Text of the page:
So why this blog post then, right?  It turns out that all three ladies had been captains of their high school teams.  Again, I thought “BONUS!”.  Maybe not having that mentorship year wouldn’t be an issue.  Plus, this captain group was now comprised of two juniors and a sophomore.  Since I will have this team for two years, that means I have a captain who as a senior will already have 2 years under her belt.  What I soon found out, however, was that being a captain before really meant little moving forward.  The girls were just captains by name.  They had no real power as high school captains.  I understand that to a degree.  There may be concerns with appointing a high school girl with power.  As a high school coach, I used to control everything in the program.  I would pick fundraisers, social causes, off court activities, ect.  Yet, when things started going south I would turn to the captains to help me correct the ship.  I have given them no power, but now I want (read: need) them to pull a team together that has never seen them in a position of strength or leadership.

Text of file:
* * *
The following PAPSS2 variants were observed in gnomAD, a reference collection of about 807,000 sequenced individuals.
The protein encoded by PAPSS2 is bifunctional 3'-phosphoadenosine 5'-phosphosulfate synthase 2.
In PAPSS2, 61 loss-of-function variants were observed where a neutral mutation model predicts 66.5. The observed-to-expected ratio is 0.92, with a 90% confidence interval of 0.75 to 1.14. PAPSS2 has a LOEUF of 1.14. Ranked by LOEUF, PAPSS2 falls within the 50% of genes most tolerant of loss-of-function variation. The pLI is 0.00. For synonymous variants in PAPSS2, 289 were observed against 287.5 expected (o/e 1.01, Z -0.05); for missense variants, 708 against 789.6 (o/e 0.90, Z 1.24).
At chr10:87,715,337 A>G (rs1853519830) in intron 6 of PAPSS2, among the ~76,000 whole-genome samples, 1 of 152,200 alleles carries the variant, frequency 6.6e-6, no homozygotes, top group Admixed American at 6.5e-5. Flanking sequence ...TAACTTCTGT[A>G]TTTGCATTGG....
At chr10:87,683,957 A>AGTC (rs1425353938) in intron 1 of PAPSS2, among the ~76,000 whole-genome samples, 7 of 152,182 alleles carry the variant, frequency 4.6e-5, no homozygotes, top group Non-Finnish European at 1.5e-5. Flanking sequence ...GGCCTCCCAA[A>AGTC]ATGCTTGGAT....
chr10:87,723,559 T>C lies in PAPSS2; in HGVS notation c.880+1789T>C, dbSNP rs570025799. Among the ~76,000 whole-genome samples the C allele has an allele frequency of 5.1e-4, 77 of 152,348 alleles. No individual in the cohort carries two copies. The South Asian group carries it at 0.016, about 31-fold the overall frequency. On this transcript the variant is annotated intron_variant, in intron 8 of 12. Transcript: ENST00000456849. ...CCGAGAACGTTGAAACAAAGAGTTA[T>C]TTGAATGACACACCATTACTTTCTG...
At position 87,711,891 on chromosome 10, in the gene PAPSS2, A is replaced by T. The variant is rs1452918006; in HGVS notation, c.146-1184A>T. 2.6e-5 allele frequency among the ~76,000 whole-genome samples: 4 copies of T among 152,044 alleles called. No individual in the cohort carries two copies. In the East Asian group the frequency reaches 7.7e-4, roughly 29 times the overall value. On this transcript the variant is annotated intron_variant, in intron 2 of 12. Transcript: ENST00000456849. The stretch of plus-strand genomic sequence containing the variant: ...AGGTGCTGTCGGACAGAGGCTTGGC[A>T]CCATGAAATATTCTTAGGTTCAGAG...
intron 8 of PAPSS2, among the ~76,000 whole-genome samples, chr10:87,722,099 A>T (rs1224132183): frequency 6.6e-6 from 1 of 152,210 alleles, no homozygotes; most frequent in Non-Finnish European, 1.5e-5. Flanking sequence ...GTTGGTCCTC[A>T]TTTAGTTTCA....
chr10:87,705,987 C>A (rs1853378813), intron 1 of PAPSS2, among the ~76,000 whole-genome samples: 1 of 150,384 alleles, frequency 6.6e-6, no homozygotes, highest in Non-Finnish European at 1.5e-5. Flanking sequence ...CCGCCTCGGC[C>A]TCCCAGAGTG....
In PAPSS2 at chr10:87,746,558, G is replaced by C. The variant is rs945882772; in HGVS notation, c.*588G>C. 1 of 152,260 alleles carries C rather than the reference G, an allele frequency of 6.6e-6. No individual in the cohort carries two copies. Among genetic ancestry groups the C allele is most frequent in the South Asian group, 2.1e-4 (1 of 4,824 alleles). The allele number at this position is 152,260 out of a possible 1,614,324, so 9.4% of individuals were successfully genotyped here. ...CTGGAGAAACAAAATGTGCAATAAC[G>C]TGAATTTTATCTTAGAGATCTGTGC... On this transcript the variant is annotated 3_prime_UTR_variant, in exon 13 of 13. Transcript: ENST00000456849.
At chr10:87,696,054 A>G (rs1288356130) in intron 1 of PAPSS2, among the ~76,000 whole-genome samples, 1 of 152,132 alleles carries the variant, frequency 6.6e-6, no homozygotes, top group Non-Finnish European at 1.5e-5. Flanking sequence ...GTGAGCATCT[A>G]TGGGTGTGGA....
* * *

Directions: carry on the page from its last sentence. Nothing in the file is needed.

This (in a very long winded way) brings me to the point of this post.  How do you train and empower your captains.  I am not talking about how you select them.  I am talking about the “What now?” aspect of captains.


This was the question I asked myself.  How am I going to empower my captains to be leaders?  The answer for me came down to three areas.  Education, Ability, and Empowerment.  I could (and probably will) write a post on each of those three areas, but I will give a brief explanation of my vision today.


Education – I meet with my captains weekly for about 30 minutes.  They were given three books: Zen and the Martial Arts (by Joe Hyams),  The Way of the Wizard
(by Deepak Chopra), and The Five Dysfunctions of a Team (by Patrick Lencioni).  We work a chapter or two per week in those books during the season.  These are three of my favorite books for almost any aspect of life.  I find they all have a common element.  They are not only educating, but show ways to use their methods in daily life.